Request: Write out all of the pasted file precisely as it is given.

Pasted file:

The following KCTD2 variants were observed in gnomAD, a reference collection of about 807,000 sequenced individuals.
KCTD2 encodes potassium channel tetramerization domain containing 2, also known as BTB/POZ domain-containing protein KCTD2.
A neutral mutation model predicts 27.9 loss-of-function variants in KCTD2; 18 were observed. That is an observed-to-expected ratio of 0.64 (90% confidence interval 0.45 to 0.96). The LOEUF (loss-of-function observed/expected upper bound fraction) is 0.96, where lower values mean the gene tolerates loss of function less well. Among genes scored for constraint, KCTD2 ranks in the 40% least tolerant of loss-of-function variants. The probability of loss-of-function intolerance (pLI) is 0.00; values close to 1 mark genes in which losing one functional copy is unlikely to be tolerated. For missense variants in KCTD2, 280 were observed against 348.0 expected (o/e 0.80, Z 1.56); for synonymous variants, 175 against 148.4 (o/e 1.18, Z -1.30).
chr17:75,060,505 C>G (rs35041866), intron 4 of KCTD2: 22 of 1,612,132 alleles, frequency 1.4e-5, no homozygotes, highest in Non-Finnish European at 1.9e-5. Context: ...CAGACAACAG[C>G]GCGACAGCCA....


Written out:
The following KCTD2 variants were observed in gnomAD, a reference collection of about 807,000 sequenced individuals.
KCTD2 encodes potassium channel tetramerization domain containing 2, also known as BTB/POZ domain-containing protein KCTD2.
A neutral mutation model predicts 27.9 loss-of-function variants in KCTD2; 18 were observed. That is an observed-to-expected ratio of 0.64 (90% confidence interval 0.45 to 0.96). The LOEUF (loss-of-function observed/expected upper bound fraction) is 0.96, where lower values mean the gene tolerates loss of function less well. Among genes scored for constraint, KCTD2 ranks in the 40% least tolerant of loss-of-function variants. The probability of loss-of-function intolerance (pLI) is 0.00; values close to 1 mark genes in which losing one functional copy is unlikely to be tolerated. For missense variants in KCTD2, 280 were observed against 348.0 expected (o/e 0.80, Z 1.56); for synonymous variants, 175 against 148.4 (o/e 1.18, Z -1.30).
chr17:75,060,505 C>G (rs35041866), intron 4 of KCTD2: 22 of 1,612,132 alleles, frequency 1.4e-5, no homozygotes, highest in Non-Finnish European at 1.9e-5. Context: ...CAGACAACAG[C>G]GCGACAGCCA....